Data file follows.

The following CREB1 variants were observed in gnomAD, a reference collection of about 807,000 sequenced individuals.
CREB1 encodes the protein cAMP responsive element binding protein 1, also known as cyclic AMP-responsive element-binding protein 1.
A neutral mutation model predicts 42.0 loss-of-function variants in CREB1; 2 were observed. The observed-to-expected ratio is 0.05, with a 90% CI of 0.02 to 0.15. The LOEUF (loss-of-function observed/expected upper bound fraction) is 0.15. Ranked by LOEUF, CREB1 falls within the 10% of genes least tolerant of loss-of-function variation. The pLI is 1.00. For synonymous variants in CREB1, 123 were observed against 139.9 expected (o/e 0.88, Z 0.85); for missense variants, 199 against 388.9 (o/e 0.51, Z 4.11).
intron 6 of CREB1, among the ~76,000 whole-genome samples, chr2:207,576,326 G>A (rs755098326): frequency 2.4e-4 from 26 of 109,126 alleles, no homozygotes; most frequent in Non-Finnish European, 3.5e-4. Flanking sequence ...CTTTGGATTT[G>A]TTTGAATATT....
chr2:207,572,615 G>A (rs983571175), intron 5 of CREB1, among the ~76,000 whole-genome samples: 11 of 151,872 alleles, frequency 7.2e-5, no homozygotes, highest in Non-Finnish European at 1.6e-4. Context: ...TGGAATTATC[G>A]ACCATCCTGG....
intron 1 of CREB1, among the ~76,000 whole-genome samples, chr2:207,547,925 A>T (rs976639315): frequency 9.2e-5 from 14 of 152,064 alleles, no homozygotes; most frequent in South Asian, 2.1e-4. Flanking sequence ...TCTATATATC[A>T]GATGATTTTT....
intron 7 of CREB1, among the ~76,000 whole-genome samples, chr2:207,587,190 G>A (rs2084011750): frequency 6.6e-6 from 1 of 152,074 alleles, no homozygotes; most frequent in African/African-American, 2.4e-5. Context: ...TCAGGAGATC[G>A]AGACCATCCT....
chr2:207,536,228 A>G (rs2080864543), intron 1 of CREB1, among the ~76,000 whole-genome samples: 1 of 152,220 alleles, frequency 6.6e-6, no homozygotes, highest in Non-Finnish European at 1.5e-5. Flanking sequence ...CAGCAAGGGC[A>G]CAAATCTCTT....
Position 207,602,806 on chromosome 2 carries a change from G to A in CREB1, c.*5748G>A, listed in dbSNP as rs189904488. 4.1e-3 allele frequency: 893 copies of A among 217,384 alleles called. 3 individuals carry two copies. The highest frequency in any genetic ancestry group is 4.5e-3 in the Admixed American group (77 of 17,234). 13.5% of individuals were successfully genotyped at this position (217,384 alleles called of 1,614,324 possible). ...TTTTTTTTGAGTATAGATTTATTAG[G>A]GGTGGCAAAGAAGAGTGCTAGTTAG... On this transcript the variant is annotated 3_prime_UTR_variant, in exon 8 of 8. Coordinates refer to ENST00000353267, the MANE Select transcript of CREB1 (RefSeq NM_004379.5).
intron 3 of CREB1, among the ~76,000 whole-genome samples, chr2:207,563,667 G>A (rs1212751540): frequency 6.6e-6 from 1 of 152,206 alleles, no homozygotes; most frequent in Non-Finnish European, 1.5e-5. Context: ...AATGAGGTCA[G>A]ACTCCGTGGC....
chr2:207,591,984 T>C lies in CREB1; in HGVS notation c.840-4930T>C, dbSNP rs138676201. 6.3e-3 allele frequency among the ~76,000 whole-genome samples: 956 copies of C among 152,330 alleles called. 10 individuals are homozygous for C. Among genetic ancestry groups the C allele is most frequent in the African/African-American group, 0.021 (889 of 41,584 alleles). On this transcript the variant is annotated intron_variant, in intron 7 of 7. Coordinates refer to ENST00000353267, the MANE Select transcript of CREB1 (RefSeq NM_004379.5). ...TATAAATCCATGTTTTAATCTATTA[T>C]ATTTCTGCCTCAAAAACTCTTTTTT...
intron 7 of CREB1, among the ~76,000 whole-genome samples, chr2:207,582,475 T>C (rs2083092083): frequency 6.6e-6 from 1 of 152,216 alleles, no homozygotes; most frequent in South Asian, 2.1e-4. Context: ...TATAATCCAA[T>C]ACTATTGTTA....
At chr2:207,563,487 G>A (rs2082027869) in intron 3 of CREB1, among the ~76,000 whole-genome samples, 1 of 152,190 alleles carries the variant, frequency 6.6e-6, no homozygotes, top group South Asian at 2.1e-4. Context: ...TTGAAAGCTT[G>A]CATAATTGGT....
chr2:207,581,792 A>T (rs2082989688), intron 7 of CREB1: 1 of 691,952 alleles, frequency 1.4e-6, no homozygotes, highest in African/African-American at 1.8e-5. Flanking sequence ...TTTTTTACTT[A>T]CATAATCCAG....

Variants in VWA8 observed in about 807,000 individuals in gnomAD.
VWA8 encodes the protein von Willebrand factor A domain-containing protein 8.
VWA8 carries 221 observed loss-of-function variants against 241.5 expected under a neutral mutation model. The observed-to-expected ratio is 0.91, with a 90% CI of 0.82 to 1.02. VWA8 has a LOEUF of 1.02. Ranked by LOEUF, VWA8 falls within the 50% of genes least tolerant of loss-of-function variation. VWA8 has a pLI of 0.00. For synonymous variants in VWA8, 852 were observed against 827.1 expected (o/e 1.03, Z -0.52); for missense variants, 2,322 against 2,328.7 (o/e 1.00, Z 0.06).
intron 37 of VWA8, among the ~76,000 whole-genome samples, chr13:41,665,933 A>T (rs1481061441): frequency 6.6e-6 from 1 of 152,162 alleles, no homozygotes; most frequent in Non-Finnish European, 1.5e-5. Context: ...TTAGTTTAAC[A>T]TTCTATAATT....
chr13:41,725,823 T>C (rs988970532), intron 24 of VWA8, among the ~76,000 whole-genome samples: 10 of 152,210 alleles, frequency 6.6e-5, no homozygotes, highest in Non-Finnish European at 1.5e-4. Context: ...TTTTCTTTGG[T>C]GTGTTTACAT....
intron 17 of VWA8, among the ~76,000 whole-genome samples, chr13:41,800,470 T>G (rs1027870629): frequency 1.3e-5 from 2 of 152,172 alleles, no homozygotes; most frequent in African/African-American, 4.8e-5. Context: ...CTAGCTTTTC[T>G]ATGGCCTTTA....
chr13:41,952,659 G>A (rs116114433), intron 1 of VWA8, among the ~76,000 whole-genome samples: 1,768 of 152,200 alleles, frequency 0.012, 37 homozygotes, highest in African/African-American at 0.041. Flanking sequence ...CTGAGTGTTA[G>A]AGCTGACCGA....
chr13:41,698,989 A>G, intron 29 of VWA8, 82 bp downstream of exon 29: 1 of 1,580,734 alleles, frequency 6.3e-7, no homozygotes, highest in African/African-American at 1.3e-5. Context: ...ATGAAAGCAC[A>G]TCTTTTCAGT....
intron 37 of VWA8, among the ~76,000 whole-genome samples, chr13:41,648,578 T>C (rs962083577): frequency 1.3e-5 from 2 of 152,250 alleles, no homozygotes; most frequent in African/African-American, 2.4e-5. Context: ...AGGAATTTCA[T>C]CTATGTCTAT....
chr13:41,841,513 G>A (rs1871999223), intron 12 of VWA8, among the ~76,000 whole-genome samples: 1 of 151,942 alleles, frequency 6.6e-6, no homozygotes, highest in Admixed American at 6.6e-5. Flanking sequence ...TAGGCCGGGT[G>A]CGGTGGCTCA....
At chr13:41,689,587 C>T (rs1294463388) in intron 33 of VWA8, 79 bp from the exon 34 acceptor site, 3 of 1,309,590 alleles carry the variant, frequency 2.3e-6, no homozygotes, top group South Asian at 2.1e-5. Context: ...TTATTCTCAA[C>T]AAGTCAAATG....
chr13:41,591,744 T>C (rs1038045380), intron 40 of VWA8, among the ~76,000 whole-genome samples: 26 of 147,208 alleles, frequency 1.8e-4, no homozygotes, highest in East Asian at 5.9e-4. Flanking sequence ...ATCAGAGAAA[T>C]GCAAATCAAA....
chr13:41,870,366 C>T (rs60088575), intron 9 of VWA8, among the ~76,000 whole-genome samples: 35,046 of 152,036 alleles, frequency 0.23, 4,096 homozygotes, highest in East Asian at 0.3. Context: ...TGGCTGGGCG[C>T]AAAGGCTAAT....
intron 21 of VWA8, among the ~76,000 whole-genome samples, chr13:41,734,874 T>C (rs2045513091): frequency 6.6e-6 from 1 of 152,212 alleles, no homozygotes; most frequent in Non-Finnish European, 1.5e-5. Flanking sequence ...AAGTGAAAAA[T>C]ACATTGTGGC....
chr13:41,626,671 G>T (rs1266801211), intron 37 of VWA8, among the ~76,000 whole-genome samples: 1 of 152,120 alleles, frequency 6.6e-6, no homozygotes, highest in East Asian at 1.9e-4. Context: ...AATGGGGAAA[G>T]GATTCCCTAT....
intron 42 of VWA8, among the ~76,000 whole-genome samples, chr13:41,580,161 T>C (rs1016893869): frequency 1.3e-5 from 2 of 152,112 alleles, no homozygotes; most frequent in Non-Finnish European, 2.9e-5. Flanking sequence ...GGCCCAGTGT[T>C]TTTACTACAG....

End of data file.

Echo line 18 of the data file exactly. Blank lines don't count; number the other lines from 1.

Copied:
intron 37 of VWA8, among the ~76,000 whole-genome samples, chr13:41,665,933 A>T (rs1481061441): frequency 6.6e-6 from 1 of 152,162 alleles, no homozygotes; most frequent in Non-Finnish European, 1.5e-5. Context: ...TTAGTTTAAC[A>T]TTCTATAATT....